The $1.34 billion Mega Hundreds of thousands winner has till September 27 to say a lump sum
A customer at the 7-Eleven on Chino Hills Parkway in Chino Hills receives their lottery tickets on Wednesday, July 27, 2022 where the payout from Fridays Mega Millions is expected to exceed $1 billion.
Will Lester | Medianews Group | Getty Images
The clock is ticking for anyone who landed the $1.34 billion Mega Millions jackpot at the end of July – if they want to claim their prize as a lump sum.
In Illinois, where the winning ticket was sold, Mega Millions winners have one year to claim their windfall if they wish to receive it as a pension spread over three decades. However, according to the Illinois Lottery, they only get 60 days if they prefer to take the prize as a pre-discounted lump sum.
This means if the winner does not claim the jackpot by September 27th – 60 days after the July 29th drawing – the prize will default to the annuity option.
“You have a choice that will be made for you if you don’t make it,” said Susan Bradley, a board-certified financial planner and founder of the Sudden Money Institute in Palm Beach Gardens, Florida.
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The $1.34 billion jackpot, the second largest prize in the game’s history, was won on a ticket purchased in Des Plaines, Illinois.
As of Thursday, the jackpot remained unclaimed, according to Illinois Lottery spokeswoman Meghan Powers.
“With a prize of this magnitude, it is not uncommon for a winner to take a little longer to claim the prize as they may wish to seek professional legal and financial advice prior to claiming,” said Powers.
Whether the award is a lump sum or an annuity, there are pros and cons to each option that are best sorted out with the help of a team of professionals, Bradley said.
This team could include experts in finance areas such as tax, wealth advice, investments, trusts and philanthropy.
“Right now, in a perfect world, this winner has already established a brain trust,” Bradley said.
The lump sum option is $780.5 million before taxes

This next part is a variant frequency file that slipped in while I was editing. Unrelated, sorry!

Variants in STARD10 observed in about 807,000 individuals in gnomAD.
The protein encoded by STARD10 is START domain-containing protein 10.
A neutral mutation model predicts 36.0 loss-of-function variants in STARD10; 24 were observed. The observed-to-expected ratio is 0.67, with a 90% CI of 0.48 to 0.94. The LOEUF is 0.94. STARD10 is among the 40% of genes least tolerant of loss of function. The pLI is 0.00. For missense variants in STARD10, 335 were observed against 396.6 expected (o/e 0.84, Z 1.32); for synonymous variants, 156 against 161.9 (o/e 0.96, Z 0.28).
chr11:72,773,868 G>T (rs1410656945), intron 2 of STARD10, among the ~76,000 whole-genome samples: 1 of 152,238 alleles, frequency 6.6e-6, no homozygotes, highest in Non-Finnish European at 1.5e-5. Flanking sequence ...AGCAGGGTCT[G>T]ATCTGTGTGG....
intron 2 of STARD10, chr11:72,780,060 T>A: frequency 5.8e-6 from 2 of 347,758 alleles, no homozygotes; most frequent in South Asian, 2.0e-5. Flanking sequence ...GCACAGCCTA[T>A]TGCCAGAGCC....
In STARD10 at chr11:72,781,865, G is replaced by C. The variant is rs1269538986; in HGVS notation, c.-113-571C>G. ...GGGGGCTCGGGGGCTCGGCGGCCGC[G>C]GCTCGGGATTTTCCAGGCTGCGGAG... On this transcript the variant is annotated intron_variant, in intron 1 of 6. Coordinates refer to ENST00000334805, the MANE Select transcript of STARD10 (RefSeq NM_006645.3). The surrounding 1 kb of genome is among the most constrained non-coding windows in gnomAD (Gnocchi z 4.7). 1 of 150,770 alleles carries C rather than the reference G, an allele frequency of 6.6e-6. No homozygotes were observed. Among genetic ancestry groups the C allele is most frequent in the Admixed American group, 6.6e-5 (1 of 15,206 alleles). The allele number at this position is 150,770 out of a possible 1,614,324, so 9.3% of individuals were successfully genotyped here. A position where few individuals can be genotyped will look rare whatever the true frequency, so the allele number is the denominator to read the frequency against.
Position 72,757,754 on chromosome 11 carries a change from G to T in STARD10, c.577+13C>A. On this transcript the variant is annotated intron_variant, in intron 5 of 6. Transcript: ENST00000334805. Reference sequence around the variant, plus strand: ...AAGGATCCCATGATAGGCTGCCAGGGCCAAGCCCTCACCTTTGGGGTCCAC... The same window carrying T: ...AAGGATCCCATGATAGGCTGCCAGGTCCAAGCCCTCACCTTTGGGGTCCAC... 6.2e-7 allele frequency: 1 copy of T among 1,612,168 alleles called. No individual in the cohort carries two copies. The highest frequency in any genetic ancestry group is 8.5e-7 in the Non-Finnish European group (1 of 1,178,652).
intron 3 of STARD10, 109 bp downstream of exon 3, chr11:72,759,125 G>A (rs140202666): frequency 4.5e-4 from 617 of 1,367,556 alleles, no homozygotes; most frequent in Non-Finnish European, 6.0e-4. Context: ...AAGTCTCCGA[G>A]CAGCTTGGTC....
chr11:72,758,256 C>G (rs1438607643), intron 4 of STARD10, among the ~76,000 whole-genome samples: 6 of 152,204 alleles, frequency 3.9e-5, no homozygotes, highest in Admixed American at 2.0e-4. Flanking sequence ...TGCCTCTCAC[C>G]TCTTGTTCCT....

The flat cash option – which most big lottery jackpot winners go for – for this $1.34 billion prize is $780.5 million.
The amount would be reduced by a 24 percent federal tax withholding, or approximately $187.3 million. Another 4.95% would be withheld for state income taxes, totaling $38.6 million. That would leave the winner with $554.6 million, although additional taxes would likely be due.
“Some people say you take the lump sum because you administer it, rather than the state,” she said. “But that comes loaded with all sorts of responsibilities that people can’t see coming.”
In other words, the amount of money would catapult the winner into possession of an amount of money that most people never see in their entire lives. Preserving wealth would require making decisions about investment and tax strategies, philanthropic goals, spending and giving, insurance, and more.
You may need to plan for a “spare fund.”
On the other hand, an annuity may appeal to winners who would rather have an annual income for three decades, Bradley said. For this $1.34 billion jackpot, the annual pre-tax amount is an average payout of $44.6 million, according to usamega.com.
However, in this scenario, the winner should think about what will happen 30 years from now when the payments stop.
“They should have a replacement fund,” Bradley said, referring to winners who choose to retire. This usually means they set aside a portion of their retirement income each year when the payment comes in.
“Assume that 50% of the annual after-tax payment is yours,” she said. “Then split it in half again and put half in your spare till.”
It’s worth noting that the Illinois Lottery allows winners of prizes of $250,000 or more to remain anonymous – meaning you can keep your name out of the public eye.
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